Cytosolic Accumulation of Nuclear DNA fragments in Retinal Pigment Epithelium and Age-Related Macular Degeneration
Co-Principal InvestigatorsBo Tian, PhD
Age-related macular degeneration is the leading cause of irreversible vision loss among elderly people in developed countries. The “dry” form of AMD accounts for 85% of all cases without effective treatment, while the “wet” form occurs in about 15% of the advanced AMD cases, which is being treated with anti-VEGF but not effective in all cases. Our study will identify the factor(s) contributing to the progression of AMD and explore method to halt or reverse AMD retinal lesion. Overall goal is to gain a better understanding of the molecular mechanism of this disease and to develop novel effective therapies.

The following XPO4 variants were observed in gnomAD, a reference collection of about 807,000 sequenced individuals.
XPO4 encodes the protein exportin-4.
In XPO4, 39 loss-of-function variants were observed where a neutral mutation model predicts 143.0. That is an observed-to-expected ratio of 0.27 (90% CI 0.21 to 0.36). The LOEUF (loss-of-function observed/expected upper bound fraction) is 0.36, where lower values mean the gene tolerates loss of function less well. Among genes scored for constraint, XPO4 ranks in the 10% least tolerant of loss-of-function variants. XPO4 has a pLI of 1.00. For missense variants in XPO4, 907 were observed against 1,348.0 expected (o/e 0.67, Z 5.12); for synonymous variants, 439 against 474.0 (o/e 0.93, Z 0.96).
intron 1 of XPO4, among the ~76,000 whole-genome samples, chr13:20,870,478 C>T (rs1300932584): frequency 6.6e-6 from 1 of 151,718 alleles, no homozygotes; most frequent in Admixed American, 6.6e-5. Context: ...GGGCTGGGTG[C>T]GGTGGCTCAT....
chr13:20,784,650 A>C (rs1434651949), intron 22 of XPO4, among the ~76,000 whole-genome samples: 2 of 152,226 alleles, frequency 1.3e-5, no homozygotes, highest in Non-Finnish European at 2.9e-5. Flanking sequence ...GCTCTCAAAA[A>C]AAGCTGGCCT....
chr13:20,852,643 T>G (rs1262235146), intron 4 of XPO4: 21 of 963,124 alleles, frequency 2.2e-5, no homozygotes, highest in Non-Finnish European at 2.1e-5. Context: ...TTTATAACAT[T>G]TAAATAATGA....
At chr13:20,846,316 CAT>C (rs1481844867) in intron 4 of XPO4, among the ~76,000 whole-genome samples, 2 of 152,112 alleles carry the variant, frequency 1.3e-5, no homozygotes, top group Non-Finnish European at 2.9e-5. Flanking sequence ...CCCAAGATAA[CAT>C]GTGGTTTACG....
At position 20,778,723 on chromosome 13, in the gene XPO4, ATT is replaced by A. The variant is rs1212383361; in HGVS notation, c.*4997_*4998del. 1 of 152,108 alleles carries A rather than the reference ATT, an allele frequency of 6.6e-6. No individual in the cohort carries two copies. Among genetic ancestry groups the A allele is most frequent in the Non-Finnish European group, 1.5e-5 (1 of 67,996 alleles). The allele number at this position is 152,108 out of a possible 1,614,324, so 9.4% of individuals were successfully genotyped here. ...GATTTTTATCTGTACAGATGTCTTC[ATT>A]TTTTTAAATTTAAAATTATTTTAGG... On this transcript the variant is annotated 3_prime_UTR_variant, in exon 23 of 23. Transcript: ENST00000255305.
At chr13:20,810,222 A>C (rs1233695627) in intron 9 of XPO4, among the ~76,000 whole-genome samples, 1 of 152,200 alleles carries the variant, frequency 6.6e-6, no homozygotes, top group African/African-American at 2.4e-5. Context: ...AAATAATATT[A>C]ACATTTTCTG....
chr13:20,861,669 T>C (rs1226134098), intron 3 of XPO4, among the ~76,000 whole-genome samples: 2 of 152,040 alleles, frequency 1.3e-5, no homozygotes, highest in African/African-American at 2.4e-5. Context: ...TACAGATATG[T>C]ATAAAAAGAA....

The goal of our project is to explore novel gene therapy strategies and investigate the molecular mechanisms for the progression of age-related macular degeneration (AMD). During the progression of AMD, a small retina lesion gradually expands to a large lesion. We have found that the sick retinal pigment epithelial (RPE) cells can secrete factors that make the neighboring healthy RPE cells dysfunctional and promote the progression of AMD. Our first aim will be to isolate and identify these factors. Our second aim will be to use an adeno-associated virus (AAV) vector to deliver a gene intended to rescue the retina or block the AMD-like pathology. To date, our research has been unique because it will explore the molecular mechanism for AMD progression and novel gene therapy strategies to halt the progression of AMD. A successful gene therapy for AMD has not been trialed before, therefore our research has exciting potential for patients suffering from this debilitating condition. By identifying new factors responsible for the progression of AMD, we will also inspire future research.